The teaching staff includes longtime educator and one of the founders of Bais Chana, Rabbi Manis Friedman of Lubavitch of Minnesota; Miriam Lipskier, co-director of Chabad at Emory University in Atlanta; Rivkah Slonim, education director at the Rohr Chabad Center for Jewish Life at Binghamton University in New York; and Shifra Sharfstein, co-director of the Rohr Chabad Houseat Georgia Tech and Georgia State. The program is made possible due to the support of Barbara Hines of Houston.

Slonim, who has served as a campus emissary for more than 30 years has taught for “Snorkel & Study” since it began 12 years ago. She points out the bat mitzvah year milestone and what she has gotten out of it all herself.

“Year after year, I am inspired anew by the singular energy and synergy generated by this program,” she says. “While I attend in the role of instructor, I always feel that I gain more than the participants. Its incredible impact can easily be tracked.”

Lipskier has also been an instructor from the get-go and a campus emissary since the year 2000. She focuses on “universal subjects, no matter what the background or knowledge level of participants. Subjects relatable to all.”

She thinks that “it’s incredible that of all the places to be and things to do to usher in 2018, so many Jewish college women chose to invest their time here,” she says. It speaks to both the program itself, and what young women seek today in terms of activities and soul-searching.

‘We Became a Sisterhood’

Chaya Bracha Rubin participated in the program during her junior year of college. She says back then, she “didn’t even know the aleph-bet”—the Hebrew alphabet.

She adds that she had no formal Jewish education and was hardly aware of her Jewish identity. After meeting Sarah Meretsky, co-director of Chabad of Penn State in State College, Pa., she began learning the basics of Judaism. A poster advertising a meaningful winter vacation enticed her to join “Snorkel & Study.” Sun and spirituality in one sweet package . . . she says “it sounded incredible.” That January, she packed her bags and flew to Florida.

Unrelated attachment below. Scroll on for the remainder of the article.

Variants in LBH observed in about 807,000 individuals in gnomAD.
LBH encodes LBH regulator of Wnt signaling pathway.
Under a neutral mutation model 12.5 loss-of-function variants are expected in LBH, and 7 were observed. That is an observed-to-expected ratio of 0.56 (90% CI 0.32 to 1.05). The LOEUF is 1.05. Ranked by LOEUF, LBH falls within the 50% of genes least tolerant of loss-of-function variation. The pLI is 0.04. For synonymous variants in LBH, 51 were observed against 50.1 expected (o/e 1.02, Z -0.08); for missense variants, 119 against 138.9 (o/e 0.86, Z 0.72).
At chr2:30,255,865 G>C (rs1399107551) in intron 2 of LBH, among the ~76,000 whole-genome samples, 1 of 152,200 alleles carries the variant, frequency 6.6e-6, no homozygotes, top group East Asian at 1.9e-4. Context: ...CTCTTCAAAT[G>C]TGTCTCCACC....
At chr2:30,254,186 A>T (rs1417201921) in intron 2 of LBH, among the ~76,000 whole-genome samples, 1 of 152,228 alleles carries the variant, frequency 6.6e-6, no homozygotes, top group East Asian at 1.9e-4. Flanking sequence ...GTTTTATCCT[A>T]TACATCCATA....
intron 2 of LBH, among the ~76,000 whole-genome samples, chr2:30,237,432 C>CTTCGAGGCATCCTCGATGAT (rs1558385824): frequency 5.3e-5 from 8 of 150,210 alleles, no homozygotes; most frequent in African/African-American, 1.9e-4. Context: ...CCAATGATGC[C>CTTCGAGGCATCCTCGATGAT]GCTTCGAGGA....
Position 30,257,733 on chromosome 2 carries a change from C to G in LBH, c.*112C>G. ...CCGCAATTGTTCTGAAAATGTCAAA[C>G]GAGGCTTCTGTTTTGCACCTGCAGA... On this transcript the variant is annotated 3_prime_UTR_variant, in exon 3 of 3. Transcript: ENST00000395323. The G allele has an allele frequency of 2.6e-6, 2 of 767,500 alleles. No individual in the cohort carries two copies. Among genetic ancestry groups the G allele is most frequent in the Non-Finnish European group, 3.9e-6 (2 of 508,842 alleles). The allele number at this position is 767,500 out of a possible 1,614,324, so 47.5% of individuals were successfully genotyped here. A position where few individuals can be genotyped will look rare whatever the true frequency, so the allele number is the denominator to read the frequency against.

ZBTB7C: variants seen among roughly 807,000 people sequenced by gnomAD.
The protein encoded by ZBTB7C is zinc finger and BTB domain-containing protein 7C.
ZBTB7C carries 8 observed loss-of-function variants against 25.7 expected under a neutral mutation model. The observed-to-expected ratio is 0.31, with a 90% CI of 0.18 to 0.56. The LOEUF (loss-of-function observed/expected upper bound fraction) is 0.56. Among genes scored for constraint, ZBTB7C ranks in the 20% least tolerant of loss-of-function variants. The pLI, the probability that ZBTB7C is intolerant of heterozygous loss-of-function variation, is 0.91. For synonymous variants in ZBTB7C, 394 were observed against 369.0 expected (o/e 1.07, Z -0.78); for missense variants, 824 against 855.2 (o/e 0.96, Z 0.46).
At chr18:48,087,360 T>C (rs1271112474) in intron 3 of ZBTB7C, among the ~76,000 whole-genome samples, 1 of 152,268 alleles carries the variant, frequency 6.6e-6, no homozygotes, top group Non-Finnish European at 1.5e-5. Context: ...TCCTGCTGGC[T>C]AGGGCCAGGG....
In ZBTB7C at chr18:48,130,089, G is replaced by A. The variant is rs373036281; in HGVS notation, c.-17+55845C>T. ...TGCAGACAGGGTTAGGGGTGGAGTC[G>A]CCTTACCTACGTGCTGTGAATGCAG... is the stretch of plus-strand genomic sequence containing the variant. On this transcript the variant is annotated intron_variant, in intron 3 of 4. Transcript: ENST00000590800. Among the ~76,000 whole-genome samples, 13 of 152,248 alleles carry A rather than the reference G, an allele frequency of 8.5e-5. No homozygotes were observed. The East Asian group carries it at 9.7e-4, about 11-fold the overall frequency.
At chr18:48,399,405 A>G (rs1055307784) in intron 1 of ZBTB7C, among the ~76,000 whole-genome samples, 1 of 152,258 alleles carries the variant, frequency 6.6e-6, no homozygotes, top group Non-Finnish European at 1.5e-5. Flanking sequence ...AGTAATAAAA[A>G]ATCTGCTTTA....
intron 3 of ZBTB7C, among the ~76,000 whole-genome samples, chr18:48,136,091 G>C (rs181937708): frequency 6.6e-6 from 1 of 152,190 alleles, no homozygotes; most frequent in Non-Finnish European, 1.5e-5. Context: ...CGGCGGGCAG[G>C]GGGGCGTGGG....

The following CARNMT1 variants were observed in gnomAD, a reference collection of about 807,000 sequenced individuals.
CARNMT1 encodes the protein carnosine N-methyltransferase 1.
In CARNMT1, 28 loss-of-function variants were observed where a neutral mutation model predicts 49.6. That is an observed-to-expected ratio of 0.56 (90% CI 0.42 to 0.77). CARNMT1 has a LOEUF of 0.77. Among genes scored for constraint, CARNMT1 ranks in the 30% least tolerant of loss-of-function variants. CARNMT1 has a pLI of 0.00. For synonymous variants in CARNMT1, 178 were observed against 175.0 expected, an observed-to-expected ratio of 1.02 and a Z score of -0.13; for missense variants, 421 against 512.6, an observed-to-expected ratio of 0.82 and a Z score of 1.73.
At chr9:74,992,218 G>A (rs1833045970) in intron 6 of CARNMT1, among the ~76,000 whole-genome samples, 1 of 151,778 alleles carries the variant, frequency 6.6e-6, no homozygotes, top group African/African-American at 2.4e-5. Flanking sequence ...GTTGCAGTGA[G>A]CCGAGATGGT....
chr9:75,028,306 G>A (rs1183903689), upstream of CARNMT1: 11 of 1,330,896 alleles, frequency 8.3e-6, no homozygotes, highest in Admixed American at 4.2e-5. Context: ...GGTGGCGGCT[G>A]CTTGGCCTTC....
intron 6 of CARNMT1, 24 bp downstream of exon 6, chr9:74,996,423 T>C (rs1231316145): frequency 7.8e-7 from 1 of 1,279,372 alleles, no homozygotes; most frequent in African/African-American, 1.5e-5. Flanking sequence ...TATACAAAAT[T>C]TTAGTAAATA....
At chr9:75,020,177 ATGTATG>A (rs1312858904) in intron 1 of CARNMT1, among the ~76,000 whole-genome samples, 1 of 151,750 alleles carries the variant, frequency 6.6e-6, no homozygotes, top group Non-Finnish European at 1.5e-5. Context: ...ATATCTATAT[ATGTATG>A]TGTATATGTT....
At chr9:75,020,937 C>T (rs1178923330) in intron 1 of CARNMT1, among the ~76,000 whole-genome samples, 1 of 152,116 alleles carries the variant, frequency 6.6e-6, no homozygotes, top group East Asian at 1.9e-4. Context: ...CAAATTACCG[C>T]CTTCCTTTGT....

“There are no words for the positive energy I felt when I got there,” says Chaya Bracha, who at the time used her given English name, Bonnie. “The diversity was unbelievable. Everyone came from different backgrounds—from all across the world and from a wide range of religious levels. But in one short week, we became a sisterhood.”

What she really appreciated was that there was no pressure or stress involved when it came to the studies. The learning happened casually, through an impromptu farbrengen (informal get-together), one-on-one partnered (chavruta) study or a late-night talk. “You didn’t have to be at classes, but you wanted to be there. The pool was inviting,” but so was the education, she says. “The teachers were answering all my questions, plus so many new questions I never knew I had.”

One morning while preparing for class, she asked her roommate about dating. A quick question spilled into a long discussion about the matchmaking system and why religious Jews observe it. It was one more instance of Rubin wanting to learn more about her heritage and traditions.

“The program made me realize it wasn’t time yet to cap my Jewish growth,” says Rubin, now married and the mother of three. “After the retreat, it became clear to me that my Jewish journey was only beginning. The more you know, the more you want to know—and there was so much about G d and Judaism that I wanted to know.”

By: Musia Gurevitch